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Arizonan sentenced for Vegas-based scheme targeting migrants
Headline News | 2022/09/23 14:00
An Arizona man who convinced recent immigrants from mainly Asian countries to pay him thousands of dollars each to help them gain U.S. citizenship has been sentenced to nearly six years in prison by a federal judge in Las Vegas, authorities announced.

Court documents show Douglas Lee Thayer, 70, of Mohave Valley collected payments of between $7,000 and $20,000 from at least 160 recent immigrants by promising them the company he ran would find a family to adopt them as adults. He told the victims he would then get them new birth certificates and other documents that would let them gain U.S. citizenship.

A federal jury in Las Vegas convicted Thayer of two criminal counts of mail fraud on April. 18, and he was sentenced on Friday. He is set to surrender to start his sentence next month.

According to the indictment and a sentencing memorandum from federal prosecutors, Thayer ran a Las Vegas-based business called U.S. Adult Adoption Services. After the Justice Department announced in 2016 that it had shut down a similar scheme in Sacramento, California, Thayer offered refunds to the Asian and Hispanic immigrants.

He had charged more than $1 million in fees, but the refunds were only a fraction of what he collected, and prosecutors said he netted more than $850,000.

The owner of the Sacramento business was later sentenced to 20 years in prison.

Prosecutors said Thayer’s victims were particularly vulnerable because they mostly were recent immigrants who spoke little English and knew little if anything about immigration law. The government does not provide an easier path to citizenship for immigrants who are adopted as adults by Americans.

“This prison sentence should serve as a warning that taking advantage of vulnerable victims, regardless of citizenship status, will be investigated and prosecuted,” U.S. Attorney for Nevada Jason Frierson said in a statement.

In pushing for a harsh sentence, Assistant U.S. Attorney Simon Kung said in his sentencing memo to U.S. District Judge Gloria M. Navarro that Thayer “has spent his entire life committing crimes,” included armed robbery, attempted murder and rape, narcotics and the latest, fraud.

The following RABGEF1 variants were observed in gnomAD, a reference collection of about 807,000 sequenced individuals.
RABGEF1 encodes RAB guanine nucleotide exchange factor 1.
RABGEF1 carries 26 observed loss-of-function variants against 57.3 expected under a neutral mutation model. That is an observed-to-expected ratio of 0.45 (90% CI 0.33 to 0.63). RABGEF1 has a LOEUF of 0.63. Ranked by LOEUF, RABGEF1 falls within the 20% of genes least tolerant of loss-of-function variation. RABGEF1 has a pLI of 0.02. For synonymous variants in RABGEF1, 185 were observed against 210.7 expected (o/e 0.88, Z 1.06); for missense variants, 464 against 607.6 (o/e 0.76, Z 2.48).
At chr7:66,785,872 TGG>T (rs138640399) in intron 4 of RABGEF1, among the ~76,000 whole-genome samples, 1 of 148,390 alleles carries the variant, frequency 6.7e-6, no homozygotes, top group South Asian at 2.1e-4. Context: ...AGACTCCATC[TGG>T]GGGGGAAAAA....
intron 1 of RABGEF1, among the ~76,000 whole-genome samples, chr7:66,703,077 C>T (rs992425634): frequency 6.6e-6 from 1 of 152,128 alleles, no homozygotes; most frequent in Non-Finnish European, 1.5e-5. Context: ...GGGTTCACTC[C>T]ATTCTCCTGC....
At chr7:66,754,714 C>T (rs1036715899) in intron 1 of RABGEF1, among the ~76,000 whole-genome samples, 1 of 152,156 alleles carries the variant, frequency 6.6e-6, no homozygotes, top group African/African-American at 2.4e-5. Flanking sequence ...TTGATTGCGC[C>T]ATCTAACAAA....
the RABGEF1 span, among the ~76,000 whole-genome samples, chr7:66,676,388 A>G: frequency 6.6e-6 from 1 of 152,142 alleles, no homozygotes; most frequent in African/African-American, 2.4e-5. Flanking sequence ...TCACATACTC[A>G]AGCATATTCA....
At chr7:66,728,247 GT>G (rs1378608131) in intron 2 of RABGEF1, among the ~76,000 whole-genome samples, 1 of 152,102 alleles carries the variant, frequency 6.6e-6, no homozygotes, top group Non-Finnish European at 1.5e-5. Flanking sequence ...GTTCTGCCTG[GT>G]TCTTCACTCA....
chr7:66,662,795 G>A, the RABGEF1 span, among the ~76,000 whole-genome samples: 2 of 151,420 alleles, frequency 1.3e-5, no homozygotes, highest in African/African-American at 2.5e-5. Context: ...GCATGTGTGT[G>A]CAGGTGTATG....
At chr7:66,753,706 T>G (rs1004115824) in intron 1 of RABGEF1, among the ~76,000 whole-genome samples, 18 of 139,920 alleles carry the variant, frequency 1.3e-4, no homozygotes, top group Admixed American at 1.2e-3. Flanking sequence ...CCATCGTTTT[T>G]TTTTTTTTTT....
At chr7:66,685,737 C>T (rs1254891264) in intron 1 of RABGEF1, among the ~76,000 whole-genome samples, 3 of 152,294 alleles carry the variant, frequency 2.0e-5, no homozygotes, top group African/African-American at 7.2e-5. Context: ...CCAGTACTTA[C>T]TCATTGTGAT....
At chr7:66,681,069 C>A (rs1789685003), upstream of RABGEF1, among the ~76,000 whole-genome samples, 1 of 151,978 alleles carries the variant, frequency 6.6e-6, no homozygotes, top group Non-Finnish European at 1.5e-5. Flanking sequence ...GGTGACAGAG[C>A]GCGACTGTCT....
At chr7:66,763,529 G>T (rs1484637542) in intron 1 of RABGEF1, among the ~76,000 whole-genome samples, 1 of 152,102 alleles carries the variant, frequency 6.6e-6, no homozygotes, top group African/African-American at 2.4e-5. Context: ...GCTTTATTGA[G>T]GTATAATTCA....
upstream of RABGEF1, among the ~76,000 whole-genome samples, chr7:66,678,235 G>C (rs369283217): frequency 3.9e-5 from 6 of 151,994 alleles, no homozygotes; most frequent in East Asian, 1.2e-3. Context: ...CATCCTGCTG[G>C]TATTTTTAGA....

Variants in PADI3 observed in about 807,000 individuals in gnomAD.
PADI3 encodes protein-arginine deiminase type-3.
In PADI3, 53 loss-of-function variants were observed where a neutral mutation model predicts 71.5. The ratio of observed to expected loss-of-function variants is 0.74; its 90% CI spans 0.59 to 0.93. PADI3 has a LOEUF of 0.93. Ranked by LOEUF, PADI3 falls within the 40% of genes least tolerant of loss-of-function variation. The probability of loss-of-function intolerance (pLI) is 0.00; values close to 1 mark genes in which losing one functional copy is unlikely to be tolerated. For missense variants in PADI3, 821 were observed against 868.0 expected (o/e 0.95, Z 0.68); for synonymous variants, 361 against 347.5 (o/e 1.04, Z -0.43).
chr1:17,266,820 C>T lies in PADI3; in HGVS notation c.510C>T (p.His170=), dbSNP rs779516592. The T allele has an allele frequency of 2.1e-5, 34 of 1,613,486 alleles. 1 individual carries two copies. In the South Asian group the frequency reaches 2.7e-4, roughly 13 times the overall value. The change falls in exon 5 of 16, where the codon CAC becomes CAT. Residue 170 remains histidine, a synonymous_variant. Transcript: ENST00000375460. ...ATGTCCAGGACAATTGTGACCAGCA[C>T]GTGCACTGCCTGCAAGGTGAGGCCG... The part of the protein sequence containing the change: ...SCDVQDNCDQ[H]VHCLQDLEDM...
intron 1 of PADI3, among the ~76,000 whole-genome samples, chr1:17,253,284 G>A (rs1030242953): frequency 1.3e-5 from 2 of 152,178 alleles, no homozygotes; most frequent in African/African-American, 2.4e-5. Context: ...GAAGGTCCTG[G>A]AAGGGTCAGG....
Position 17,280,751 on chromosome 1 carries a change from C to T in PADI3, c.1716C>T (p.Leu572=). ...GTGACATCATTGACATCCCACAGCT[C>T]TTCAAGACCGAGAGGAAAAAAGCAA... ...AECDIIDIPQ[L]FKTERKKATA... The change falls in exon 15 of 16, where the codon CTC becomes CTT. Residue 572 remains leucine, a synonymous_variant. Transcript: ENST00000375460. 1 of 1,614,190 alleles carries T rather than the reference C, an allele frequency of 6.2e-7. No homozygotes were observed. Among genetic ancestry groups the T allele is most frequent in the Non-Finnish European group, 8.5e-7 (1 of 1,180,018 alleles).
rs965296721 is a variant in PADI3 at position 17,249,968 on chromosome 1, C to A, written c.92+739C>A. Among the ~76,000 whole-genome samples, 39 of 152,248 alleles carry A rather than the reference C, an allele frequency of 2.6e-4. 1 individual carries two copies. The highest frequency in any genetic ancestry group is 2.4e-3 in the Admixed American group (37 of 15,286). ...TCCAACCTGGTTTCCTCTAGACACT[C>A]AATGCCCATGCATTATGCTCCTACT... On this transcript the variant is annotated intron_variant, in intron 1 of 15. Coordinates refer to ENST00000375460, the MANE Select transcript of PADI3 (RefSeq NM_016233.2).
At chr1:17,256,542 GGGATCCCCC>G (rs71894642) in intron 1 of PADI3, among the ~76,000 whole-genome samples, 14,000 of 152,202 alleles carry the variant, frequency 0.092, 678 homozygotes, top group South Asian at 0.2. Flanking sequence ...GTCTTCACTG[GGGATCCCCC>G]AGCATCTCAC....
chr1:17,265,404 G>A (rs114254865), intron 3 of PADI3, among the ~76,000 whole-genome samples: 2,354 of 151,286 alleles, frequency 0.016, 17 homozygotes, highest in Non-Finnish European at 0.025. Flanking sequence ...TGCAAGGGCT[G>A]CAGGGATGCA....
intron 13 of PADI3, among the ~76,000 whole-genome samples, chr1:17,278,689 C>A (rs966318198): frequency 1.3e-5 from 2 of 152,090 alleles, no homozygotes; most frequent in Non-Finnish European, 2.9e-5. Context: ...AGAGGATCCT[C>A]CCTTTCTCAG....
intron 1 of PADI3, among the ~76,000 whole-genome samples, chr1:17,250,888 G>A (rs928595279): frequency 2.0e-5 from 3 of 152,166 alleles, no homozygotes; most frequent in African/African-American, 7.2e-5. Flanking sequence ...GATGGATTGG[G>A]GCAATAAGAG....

“Despite spending more than 20 years in prison prior to the instant offense, he has not been deterred from crime,” Kung wrote.


Lobster fishing union drops lawsuit about new whale closure
Headline News | 2022/08/26 19:28
A lobster fishing union in Maine has decided to drop part of its lawsuit against the federal government over new restrictions meant to protect rare whales.

The Maine Lobstering Union sued the National Oceanic and Atmospheric Administration after the government instated a seasonal ban on lobster fishing gear in a nearly 1,000-square-mile area off New England to try to protect North Atlantic right whales. The whales are vulnerable to entanglement in the gear.

Lawyers for the lobster fishing union told WCSH-TV the union wants instead to focus on other ongoing litigation about new rules intended to protect whales. New fishing rules meant to protect the whales are the subject of other lawsuits that are still under consideration by federal court.

A federal court ruling last month came down in favor of stronger protections for the animals. U.S. District Judge James Boasberg ruled in July that the federal government hasn’t done enough to protect the whales, and must craft new rules. The lobstering union and other fishing groups have pledged to follow that process closely with an eye to protecting the industry.


Court puts on hold Graham’s testimony in Ga. election probe
Headline News | 2022/08/19 05:23
A federal appeals court on Sunday agreed to temporarily put on hold a lower court’s order requiring that U.S. Sen. Lindsey Graham testify before a special grand jury that’s investigating possible illegal efforts to overturn then-President Donald Trump’s 2020 election loss in Georgia.

A subpoena had instructed the South Carolina Republican to appear before the special grand jury on Tuesday.

U.S. District Judge Leigh Martin May last Monday denied Graham’s request to quash his subpoena and on Friday rejected his effort to put her decision on hold while he appealed. Graham’s lawyers then appealed to the 11th U.S. Circuit Court of Appeals.

On Sunday, a three-judge panel of the appeals court issued the order temporarily pausing May’s order declining to quash the subpoena. The panel sent the case back to May to decide whether the subpoena should be partially quashed or modified because of protections granted to members of Congress by the U.S. Constitution.

Once May decides that issue, the case will return to the 11th Circuit for further consideration, according to the appeals court order.

Graham’s representatives did not immediately respond Sunday to messages seeking comment on the appellate ruling. A spokesperson for Fulton County District Attorney Fani Willis declined to comment.

Willis opened the investigation early last year, prompted by a Jan. 2, 2021, phone call between Trump and Georgia Secretary of State Brad Raffensperger. During that conversation, Trump suggested Raffensperger could “find” the votes needed to overturn his narrow loss in the state.



Court reinstates ban on lobster gear to protect right whales
Headline News | 2022/07/13 19:14
A federal circuit court has reinstated a ban on lobster fishing gear in a nearly 1,000-square-mile area off New England to try to protect endangered whales.